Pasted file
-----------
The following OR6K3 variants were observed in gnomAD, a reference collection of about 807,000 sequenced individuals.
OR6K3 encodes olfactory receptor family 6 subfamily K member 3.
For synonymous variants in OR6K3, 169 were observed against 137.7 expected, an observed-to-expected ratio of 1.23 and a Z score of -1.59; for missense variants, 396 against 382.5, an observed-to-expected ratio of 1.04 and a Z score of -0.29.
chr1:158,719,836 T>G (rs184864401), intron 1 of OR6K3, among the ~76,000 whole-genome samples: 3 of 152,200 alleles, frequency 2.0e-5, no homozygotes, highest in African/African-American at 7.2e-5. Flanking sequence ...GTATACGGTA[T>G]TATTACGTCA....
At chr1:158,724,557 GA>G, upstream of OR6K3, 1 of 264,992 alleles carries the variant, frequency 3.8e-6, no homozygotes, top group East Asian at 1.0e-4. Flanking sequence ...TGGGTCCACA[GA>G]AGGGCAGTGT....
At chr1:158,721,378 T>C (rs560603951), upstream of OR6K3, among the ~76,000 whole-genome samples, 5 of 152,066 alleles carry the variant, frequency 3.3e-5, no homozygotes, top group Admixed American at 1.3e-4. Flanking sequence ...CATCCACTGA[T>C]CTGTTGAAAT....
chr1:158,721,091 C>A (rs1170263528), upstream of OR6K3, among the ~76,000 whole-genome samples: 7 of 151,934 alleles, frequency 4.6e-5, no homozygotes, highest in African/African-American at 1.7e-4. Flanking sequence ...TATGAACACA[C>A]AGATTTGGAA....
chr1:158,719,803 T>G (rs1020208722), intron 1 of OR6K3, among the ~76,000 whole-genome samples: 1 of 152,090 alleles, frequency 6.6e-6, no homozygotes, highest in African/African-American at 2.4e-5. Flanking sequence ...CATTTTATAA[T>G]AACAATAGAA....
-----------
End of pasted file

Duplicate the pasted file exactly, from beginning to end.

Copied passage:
The following OR6K3 variants were observed in gnomAD, a reference collection of about 807,000 sequenced individuals.
OR6K3 encodes olfactory receptor family 6 subfamily K member 3.
For synonymous variants in OR6K3, 169 were observed against 137.7 expected, an observed-to-expected ratio of 1.23 and a Z score of -1.59; for missense variants, 396 against 382.5, an observed-to-expected ratio of 1.04 and a Z score of -0.29.
chr1:158,719,836 T>G (rs184864401), intron 1 of OR6K3, among the ~76,000 whole-genome samples: 3 of 152,200 alleles, frequency 2.0e-5, no homozygotes, highest in African/African-American at 7.2e-5. Flanking sequence ...GTATACGGTA[T>G]TATTACGTCA....
At chr1:158,724,557 GA>G, upstream of OR6K3, 1 of 264,992 alleles carries the variant, frequency 3.8e-6, no homozygotes, top group East Asian at 1.0e-4. Flanking sequence ...TGGGTCCACA[GA>G]AGGGCAGTGT....
At chr1:158,721,378 T>C (rs560603951), upstream of OR6K3, among the ~76,000 whole-genome samples, 5 of 152,066 alleles carry the variant, frequency 3.3e-5, no homozygotes, top group Admixed American at 1.3e-4. Flanking sequence ...CATCCACTGA[T>C]CTGTTGAAAT....
chr1:158,721,091 C>A (rs1170263528), upstream of OR6K3, among the ~76,000 whole-genome samples: 7 of 151,934 alleles, frequency 4.6e-5, no homozygotes, highest in African/African-American at 1.7e-4. Flanking sequence ...TATGAACACA[C>A]AGATTTGGAA....
chr1:158,719,803 T>G (rs1020208722), intron 1 of OR6K3, among the ~76,000 whole-genome samples: 1 of 152,090 alleles, frequency 6.6e-6, no homozygotes, highest in African/African-American at 2.4e-5. Flanking sequence ...CATTTTATAA[T>G]AACAATAGAA....